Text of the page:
According to William J. Bausch, the elements of a spiritual journey are "the holy discontent, the call, the beginning of the venture, insight and allies." Because all of these elements are in place in The Wizard of Oz, Bausch uses this familiar story of Dorothy's trek along the yellow brick road to shed light on how people can successfully negotiate their own spiritual journeys. Despite the familiarity of life in Kansas, Dorothy wondered what life offered beyond the bounds of her experience—she wondered what was "over the rainbow." According to Bausch, this was Dorothy's holy discontent, and her call to action took the form of a tornado. He suggests that many of us experience similar feelings, but our call to adventure is often more subtle than Dorothy's. Often, a person has to reach some sort of impasse in their life to spur them to begin their own spiritual journey. We must face the challenges of the spiritual journey, much like Dorothy confronted her own demons ("lions and tigers and bears, oh my!"). She soon realizes, however, that she can't take this on alone and she finds companions to accompany her on her journey. Bausch argues that we need a "faith-sharing community—people who think the spiritual life is real."
Interestingly, most of the spiritual interpretations of The Wizard of Oz do not take a Christian perspective. Joey Green suggests that The Wizard of Oz illustrates the Buddhist search for enlightenment in his book The Zen of Oz: Ten Spiritual Lessons from Over the Rainbow. Glinda, the Good Witch of the North, is the Zen master who sends Dorothy on her journey down the yellow brick road toward enlightenment. Dorothy's search for self-discovery inspires others along the way, and they learn to leave their conscious yearning behind. Dorothy eventually achieves satori and finds oneness with the Universe, or as it is expressed in Baum's story, she finds her way home. Green's ten spiritual lessons from The Wizard of Oz are his interpretation the major themes and events of the story, illustrating some aspect of Buddhist practice and belief. Dorothy's ruby slippers represent the "inner spark" we all possess. Glinda tells Dorothy never to let the ruby slippers off her feet, meaning that Dorothy should not let go of her passion for life and her potential for enlightenment. To "Follow the yellow brick road" serves as Dorothy's mantra on her journey. Dorothy's return home—her awakening—symbolizes her enlightenment.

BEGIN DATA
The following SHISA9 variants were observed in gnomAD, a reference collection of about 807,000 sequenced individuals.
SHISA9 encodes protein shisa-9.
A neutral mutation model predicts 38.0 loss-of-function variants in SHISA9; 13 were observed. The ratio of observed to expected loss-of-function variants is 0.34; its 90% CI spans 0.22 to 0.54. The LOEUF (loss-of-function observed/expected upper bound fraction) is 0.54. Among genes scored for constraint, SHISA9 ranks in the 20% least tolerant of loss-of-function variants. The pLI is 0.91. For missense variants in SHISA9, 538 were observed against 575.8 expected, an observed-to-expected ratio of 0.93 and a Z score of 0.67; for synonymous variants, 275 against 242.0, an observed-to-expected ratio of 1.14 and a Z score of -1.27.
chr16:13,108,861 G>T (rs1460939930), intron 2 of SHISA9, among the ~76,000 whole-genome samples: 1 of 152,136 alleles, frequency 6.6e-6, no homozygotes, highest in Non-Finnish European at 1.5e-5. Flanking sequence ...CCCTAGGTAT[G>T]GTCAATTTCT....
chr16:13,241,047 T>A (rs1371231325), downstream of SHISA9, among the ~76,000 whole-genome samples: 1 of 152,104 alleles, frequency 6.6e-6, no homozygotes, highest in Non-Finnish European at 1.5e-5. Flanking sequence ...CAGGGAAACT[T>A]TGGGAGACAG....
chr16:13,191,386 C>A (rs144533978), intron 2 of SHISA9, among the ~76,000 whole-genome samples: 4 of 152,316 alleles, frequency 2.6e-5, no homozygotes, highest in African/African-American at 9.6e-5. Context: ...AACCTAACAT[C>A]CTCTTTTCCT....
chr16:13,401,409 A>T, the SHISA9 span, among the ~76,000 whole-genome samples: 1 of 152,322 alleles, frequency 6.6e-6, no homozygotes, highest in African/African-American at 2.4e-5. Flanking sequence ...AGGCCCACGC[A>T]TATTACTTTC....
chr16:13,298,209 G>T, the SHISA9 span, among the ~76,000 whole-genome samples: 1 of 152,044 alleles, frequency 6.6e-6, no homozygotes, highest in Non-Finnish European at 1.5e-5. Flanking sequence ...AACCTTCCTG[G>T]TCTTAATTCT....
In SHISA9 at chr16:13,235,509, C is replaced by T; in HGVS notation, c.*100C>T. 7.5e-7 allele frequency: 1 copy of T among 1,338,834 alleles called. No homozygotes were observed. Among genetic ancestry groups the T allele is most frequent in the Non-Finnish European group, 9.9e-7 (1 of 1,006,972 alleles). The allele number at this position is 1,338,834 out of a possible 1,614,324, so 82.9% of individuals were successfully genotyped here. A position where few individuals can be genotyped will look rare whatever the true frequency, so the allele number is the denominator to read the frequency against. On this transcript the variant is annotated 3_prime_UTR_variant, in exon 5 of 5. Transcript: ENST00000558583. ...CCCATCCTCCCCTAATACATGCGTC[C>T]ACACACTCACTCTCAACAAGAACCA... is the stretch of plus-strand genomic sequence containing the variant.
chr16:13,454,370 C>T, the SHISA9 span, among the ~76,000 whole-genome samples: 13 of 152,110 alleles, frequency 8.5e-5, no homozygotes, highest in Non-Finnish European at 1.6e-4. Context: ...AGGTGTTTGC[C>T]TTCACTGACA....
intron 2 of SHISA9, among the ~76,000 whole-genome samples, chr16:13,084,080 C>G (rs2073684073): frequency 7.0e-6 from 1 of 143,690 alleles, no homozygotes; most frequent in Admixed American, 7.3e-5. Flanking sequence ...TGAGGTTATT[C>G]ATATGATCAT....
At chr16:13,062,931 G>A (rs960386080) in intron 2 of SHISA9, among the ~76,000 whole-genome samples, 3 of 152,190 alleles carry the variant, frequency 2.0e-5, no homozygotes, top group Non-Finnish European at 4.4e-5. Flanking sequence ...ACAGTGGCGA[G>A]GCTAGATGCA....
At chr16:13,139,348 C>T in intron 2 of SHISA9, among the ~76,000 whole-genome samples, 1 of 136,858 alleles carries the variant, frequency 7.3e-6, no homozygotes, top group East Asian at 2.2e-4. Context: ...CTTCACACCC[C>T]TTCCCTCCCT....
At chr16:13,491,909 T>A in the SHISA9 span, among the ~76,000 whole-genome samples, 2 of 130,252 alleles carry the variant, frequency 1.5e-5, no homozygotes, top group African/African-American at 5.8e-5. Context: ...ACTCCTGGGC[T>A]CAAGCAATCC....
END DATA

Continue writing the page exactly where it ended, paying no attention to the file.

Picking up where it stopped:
In Spiritual Journeys Along the Yellow Brick Road , Darren John Main suggests that The Wizard of Oz contains a timeless truth that transcends culture. Dorothy's journey is the sort of archetypal pilgrimage found across all religions. Revealing a distrust of organized religion, Main suggests that the wizard represents Dorothy's religion. He quotes from How to Talk Dirty and Influence People by Lenny Bruce, "people are leaving the church and finding God." To Main, the purpose of following the yellow brick road is to find one's own spiritual path—and the journey is the destination. Dorothy represents the soul and her ruby slippers represent our "spiritual inheritance," a gift that each soul is given. The Good Witch of the North provides Dorothy with guidance but allows her to make her own discoveries. To make this journey, Dorothy needs to draw on her intellect (represented by the Scarecrow), her love (represented by the Tin Man) and her courage (represented by the Cowardly Lion).